||Requests for Dates
Questions about personal life
Dirty, sexual jokes
Using positions to request dates, sex,
Unwanted phone calls/home visits
||Quid pro quo
Loss of job
"Unwelcomed sexual advances, requests for sexual favors, and
other verbal or physical conduct of a sexual nature constitutes
"When submission to such conduct is made, either explicitly
or implicitly, a term or condition of an individual's employment,
"When submission to or rejection of such conduct by an individual
is used as the basis for employment decisions affecting such individual,
"When such conduct has the purpose or effect of unreasonably
interfering with an individual's work performance or creating an
intimidating, hostile, or offensive working environment."
Equal Employment Opportunity Commission
Guidelines on Discrimination Because of Sex (29 CFR Part 1604.11)
APPROPRIATE EMPLOYEE ACTIONS
1) Say no. Tell the harasser you don't like the
behavior and to stop it. Be firm and clear, but polite. Try to have
a witness present to hear you say this.
2) If the harasser continues, tell the next person
in authority: your boss, the personnel department, a greivance committee.
Show the person this information. The company should work out the
situation because a lawsuit is expensive for them.
3) Keep a diary at home of what happened: date,
time, place, who said and did what. List witnesses. Record any physical
or emotional stress related to the incident including if you saw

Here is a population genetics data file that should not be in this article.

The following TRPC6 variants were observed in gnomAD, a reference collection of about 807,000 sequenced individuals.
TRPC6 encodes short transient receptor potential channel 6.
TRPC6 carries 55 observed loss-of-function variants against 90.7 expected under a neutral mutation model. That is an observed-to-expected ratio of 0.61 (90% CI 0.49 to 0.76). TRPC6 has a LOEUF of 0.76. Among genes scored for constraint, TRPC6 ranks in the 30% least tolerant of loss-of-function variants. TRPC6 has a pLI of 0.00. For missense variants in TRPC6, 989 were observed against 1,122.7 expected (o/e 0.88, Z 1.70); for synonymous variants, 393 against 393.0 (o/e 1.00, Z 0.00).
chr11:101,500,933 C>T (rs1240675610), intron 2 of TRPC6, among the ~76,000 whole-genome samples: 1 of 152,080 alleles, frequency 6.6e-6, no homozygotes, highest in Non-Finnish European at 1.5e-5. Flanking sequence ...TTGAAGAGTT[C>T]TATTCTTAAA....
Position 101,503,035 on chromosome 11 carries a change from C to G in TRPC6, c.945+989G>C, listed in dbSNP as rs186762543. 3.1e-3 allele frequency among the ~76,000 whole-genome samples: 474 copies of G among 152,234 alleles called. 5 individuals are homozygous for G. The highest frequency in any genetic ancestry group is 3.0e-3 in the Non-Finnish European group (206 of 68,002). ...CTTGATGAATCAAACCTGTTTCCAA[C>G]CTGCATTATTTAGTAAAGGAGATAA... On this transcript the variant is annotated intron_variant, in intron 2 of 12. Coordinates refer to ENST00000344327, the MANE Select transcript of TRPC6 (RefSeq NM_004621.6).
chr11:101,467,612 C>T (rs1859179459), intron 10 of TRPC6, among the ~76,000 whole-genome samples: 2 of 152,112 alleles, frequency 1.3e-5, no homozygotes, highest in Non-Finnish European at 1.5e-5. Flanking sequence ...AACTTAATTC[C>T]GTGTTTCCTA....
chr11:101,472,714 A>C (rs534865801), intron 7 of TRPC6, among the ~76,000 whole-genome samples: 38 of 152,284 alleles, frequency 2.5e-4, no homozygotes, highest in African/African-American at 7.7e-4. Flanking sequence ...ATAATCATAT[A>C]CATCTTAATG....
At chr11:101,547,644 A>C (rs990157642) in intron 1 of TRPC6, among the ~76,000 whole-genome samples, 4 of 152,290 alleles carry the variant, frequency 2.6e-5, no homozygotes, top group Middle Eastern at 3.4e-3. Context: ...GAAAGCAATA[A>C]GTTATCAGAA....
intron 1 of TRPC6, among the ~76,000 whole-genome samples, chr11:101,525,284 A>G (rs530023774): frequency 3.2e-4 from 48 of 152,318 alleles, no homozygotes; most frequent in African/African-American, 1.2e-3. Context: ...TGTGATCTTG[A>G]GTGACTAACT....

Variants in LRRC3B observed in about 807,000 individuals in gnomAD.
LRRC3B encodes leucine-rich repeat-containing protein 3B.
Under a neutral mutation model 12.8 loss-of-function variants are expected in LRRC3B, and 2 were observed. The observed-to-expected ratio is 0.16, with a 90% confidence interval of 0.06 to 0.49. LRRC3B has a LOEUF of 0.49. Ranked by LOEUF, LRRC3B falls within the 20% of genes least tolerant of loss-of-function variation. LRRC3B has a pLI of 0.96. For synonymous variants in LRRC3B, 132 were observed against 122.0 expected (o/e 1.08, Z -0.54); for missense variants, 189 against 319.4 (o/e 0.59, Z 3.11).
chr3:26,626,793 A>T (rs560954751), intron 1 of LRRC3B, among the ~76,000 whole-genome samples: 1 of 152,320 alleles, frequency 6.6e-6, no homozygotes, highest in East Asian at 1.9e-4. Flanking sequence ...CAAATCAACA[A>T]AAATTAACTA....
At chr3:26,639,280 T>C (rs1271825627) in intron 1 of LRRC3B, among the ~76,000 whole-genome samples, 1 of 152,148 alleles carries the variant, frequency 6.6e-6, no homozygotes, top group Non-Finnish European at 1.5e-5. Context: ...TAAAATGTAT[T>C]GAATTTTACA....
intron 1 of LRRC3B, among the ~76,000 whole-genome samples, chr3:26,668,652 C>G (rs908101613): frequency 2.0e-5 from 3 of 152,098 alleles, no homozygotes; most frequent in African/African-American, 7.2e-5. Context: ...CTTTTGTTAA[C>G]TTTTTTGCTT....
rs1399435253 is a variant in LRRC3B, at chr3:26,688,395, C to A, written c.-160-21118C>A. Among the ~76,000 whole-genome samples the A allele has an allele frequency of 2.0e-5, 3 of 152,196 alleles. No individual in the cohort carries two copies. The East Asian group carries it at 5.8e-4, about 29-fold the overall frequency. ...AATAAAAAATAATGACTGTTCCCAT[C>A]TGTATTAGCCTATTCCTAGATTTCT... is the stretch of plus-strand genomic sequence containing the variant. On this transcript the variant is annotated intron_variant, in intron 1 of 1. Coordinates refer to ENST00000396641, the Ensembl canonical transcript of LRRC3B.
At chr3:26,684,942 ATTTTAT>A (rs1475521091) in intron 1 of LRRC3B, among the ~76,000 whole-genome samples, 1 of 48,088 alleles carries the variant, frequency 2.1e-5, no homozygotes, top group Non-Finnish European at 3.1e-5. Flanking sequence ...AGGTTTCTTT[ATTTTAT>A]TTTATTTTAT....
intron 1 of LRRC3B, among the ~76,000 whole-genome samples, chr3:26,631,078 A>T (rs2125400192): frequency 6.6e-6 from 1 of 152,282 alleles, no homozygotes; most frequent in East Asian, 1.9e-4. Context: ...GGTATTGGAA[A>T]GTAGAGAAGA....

4) Look for support among your colleagues. Other
people may have experienced sexual harassment by the same person
5) If you quit because the situation is intolerable,
state your charges in a letter to the head of personnel and send
it certified mail, return receipt requested. Your complaint is then
on record with the company when you file for unemployment benefits.
6) Places to contact for help in sexual harassment
cases for Onondaga County residents:
i) an attorney;
ii) New York State Division of Human Rights, 428-4633;
iii) Onondaga County/Syracuse Commission on Human Rights, 435-3565.
iv) Equal Employment Opportunity Commission (716) 551-4441 or (800) 669-4000.
"An employer is responsible for its acts and those of its agents
and supervisory employees with respect to sexual harassment regardless
of whether the specific acts complained of were authorized or even
forbidden by the employer and regardless of whether the employer
knew or should of known of their occurence."
"With respect to conduct between fellow employees, an employer
is responsible for acts of sexual harassment in the workplace where
the employer (or its agents or supervisory employees) knows or should
have known of the conduct, unless it can show that it took immediate
and appropriate corrective action."
"An employer may also be responsible for the acts of non-employees,
with respect to sexual harassment of employees in the workplace,
where the employer...knows or should have known of the conduct and
fails to take immediate and appropriate corrective action."
"Prevention is the best tool for the elimination of sexual
harassment. An employer should take all steps necessary to prevent
sexual harassment from occurring , such as affirmatively raising
the subject, expressing strong disapproval, developing appropriate
sanctions, informing employees of their right to raise the issue
of harassment and how to raise it under Title VII, and developing
methods to sensitize all concerned."
Equal Opportunity Commission Guidelines
on Discrimination Because of Sex (29 CFR Part 1604.11)